Crisis creates opportunity.
Winchester and Frederick County have an opportunity to streamline government and ultimately save taxpayers money while providing more efficient service through consolidation.
The opportunity to streamline government while increasing business and educational opportunities and offering better service to the people who fund it can’t be ignored.
38 of America’s 41 independent cities are in Virginia. This is the result of legislation passed in 1871 to aid machine politics. This had nothing to do with good government. The Commonwealth’s last political machine died a half century ago. It’s time to do away with its residue.
Government was set up to serve the citizens who fund it, not politicians.
In-person retail, which was already in decline, will suffer large losses in the post-pandemic world. Traditional mercantile centers like Winchester will see tax revenues fall as unemployment rises.
The time to act on consolidation is now, before economics forces the issue. Blueprints have already been drawn — twice. Acting now means things can be done at a measured, thoughtful pace that respects the employees of both jurisdictions and the people they serve. There will be time for citizen input and buy-in.
A decision to merge forced by one jurisdiction facing financial failure will be hurried, panicked and inefficient.
The schools, everyone agrees, would be the most emotional merger and the hardest, given the percentage pf local revenue dedicated to education.
Departments such as social services, the courts and parks and recreation, which serve the population at-large, would not be hard mergers.
The School Consolidation Committee that I chaired from 2005 to 2007 saw consolidation as a three-year process. An impartial administrator — who would not serve as the superintendent of the consolidated school system — would oversee the re-drawing of attendance zones, transportation routes and salary scales and the merging of IT platforms. This process would be transparent with citizen input at every step.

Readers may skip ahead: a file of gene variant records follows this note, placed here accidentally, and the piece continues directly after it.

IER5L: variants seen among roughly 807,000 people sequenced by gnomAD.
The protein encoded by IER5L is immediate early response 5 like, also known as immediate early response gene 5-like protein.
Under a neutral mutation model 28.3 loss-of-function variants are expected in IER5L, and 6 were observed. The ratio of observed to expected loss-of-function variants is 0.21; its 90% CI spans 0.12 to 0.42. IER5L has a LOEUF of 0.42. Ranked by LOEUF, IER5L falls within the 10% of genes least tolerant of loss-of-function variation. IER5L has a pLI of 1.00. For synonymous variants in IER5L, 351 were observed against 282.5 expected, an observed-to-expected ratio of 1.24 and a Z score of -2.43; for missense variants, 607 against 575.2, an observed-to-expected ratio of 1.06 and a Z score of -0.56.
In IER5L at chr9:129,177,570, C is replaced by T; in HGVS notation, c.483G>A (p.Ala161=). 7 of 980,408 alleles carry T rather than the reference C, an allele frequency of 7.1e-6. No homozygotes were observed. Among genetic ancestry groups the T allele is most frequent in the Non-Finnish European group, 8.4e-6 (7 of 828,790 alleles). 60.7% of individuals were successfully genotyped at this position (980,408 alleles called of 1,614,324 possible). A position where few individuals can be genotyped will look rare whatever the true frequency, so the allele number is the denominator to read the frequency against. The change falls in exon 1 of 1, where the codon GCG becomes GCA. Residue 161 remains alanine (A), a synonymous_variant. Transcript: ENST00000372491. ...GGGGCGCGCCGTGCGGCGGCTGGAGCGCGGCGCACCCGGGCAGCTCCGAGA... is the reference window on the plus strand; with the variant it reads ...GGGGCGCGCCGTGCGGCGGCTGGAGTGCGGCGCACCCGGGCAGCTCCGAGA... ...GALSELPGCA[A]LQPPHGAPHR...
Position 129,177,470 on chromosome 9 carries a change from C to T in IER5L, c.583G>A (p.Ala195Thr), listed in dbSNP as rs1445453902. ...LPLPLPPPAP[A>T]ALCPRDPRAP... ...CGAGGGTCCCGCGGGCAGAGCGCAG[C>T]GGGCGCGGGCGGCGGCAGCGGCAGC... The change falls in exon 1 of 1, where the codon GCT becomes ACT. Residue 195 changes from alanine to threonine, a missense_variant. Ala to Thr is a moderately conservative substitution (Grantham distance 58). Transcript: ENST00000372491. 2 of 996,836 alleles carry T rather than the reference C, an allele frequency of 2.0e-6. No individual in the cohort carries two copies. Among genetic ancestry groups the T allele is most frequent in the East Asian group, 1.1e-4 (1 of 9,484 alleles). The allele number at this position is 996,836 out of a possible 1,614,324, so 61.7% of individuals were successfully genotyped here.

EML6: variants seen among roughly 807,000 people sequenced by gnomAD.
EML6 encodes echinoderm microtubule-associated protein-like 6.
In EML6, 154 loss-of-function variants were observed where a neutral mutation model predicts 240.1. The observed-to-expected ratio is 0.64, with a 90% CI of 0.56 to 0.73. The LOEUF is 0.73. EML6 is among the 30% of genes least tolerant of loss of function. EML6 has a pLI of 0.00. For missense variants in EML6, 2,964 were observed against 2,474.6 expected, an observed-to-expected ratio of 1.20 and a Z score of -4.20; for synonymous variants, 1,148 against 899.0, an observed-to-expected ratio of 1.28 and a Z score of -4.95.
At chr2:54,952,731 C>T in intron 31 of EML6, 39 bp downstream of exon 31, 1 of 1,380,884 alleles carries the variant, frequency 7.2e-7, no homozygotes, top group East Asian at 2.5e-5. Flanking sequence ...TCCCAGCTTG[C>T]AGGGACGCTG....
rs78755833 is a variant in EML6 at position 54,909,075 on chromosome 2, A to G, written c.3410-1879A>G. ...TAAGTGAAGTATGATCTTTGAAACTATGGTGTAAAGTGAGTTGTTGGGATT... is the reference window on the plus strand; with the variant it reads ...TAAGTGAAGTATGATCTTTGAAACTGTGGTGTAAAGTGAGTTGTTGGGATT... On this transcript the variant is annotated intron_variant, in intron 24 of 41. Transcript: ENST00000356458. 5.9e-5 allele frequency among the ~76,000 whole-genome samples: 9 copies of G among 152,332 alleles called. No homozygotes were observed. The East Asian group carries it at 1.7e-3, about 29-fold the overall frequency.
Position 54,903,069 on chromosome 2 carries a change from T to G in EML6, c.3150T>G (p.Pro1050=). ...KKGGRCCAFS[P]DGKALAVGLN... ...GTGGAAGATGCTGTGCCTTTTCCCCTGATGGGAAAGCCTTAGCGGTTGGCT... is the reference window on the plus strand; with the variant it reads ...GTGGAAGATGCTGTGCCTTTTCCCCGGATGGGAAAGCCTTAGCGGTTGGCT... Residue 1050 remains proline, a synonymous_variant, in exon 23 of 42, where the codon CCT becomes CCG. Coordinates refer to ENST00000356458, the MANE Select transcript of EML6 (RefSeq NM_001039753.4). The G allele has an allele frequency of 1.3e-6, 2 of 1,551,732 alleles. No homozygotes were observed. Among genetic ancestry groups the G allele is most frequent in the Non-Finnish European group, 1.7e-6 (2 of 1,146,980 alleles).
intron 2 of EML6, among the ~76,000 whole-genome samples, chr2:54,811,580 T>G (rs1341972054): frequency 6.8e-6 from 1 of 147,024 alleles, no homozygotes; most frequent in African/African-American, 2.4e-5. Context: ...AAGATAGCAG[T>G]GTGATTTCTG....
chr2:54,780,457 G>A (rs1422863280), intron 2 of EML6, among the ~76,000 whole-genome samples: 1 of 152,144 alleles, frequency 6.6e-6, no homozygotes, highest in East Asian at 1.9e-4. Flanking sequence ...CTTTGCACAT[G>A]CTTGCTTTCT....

On the school front, consolidation would save money on transportation and duplicate administration. Money saved could be used to attract and retain the best teachers and enhance programs that teach students 21st century skills. Attendance boundaries can be drawn so students can go to the nearest school and ensure buildings are used at full capacity before new ones are built.
Winchester would still have a town council to represent its interests and, more than likely, a police force.
Outside of City Hall and the County Administration Building, 99 percent of Winchester and County residents wouldn’t notice the change, with the exception of their government being more efficient.
Consolidation will prepare Winchester and Frederick County for an uncertain future best navigated by an efficient government that puts the best interest of its citizens first.
What I propose is that City Council and the Board of Supervisors examine consolidation as an option to enhance our area going forward into an uncertain world. Holding talks on this subject costs nothing.
The dividends could be huge.
Wayde Byard is a resident of Frederick County.